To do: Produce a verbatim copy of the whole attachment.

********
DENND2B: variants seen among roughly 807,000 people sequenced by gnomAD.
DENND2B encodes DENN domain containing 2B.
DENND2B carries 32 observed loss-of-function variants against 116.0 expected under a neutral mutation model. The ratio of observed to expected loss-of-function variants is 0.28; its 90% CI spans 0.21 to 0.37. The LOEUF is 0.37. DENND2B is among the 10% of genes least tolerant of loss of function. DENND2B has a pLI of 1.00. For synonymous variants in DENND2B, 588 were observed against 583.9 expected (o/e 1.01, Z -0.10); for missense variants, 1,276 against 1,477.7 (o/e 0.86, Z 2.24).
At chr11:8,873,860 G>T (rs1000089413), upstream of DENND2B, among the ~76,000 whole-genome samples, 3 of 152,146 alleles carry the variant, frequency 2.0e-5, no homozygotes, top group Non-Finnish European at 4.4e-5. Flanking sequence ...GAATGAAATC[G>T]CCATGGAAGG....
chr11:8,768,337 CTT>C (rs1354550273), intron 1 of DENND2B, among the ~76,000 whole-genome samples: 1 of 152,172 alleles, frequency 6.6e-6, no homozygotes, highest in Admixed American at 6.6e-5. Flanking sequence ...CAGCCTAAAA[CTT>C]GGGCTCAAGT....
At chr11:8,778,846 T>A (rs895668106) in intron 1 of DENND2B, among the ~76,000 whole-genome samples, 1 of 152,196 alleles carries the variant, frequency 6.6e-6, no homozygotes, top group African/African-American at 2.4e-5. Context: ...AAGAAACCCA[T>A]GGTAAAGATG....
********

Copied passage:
DENND2B: variants seen among roughly 807,000 people sequenced by gnomAD.
DENND2B encodes DENN domain containing 2B.
DENND2B carries 32 observed loss-of-function variants against 116.0 expected under a neutral mutation model. The ratio of observed to expected loss-of-function variants is 0.28; its 90% CI spans 0.21 to 0.37. The LOEUF is 0.37. DENND2B is among the 10% of genes least tolerant of loss of function. DENND2B has a pLI of 1.00. For synonymous variants in DENND2B, 588 were observed against 583.9 expected (o/e 1.01, Z -0.10); for missense variants, 1,276 against 1,477.7 (o/e 0.86, Z 2.24).
At chr11:8,873,860 G>T (rs1000089413), upstream of DENND2B, among the ~76,000 whole-genome samples, 3 of 152,146 alleles carry the variant, frequency 2.0e-5, no homozygotes, top group Non-Finnish European at 4.4e-5. Flanking sequence ...GAATGAAATC[G>T]CCATGGAAGG....
chr11:8,768,337 CTT>C (rs1354550273), intron 1 of DENND2B, among the ~76,000 whole-genome samples: 1 of 152,172 alleles, frequency 6.6e-6, no homozygotes, highest in Admixed American at 6.6e-5. Flanking sequence ...CAGCCTAAAA[CTT>C]GGGCTCAAGT....
At chr11:8,778,846 T>A (rs895668106) in intron 1 of DENND2B, among the ~76,000 whole-genome samples, 1 of 152,196 alleles carries the variant, frequency 6.6e-6, no homozygotes, top group African/African-American at 2.4e-5. Context: ...AAGAAACCCA[T>A]GGTAAAGATG....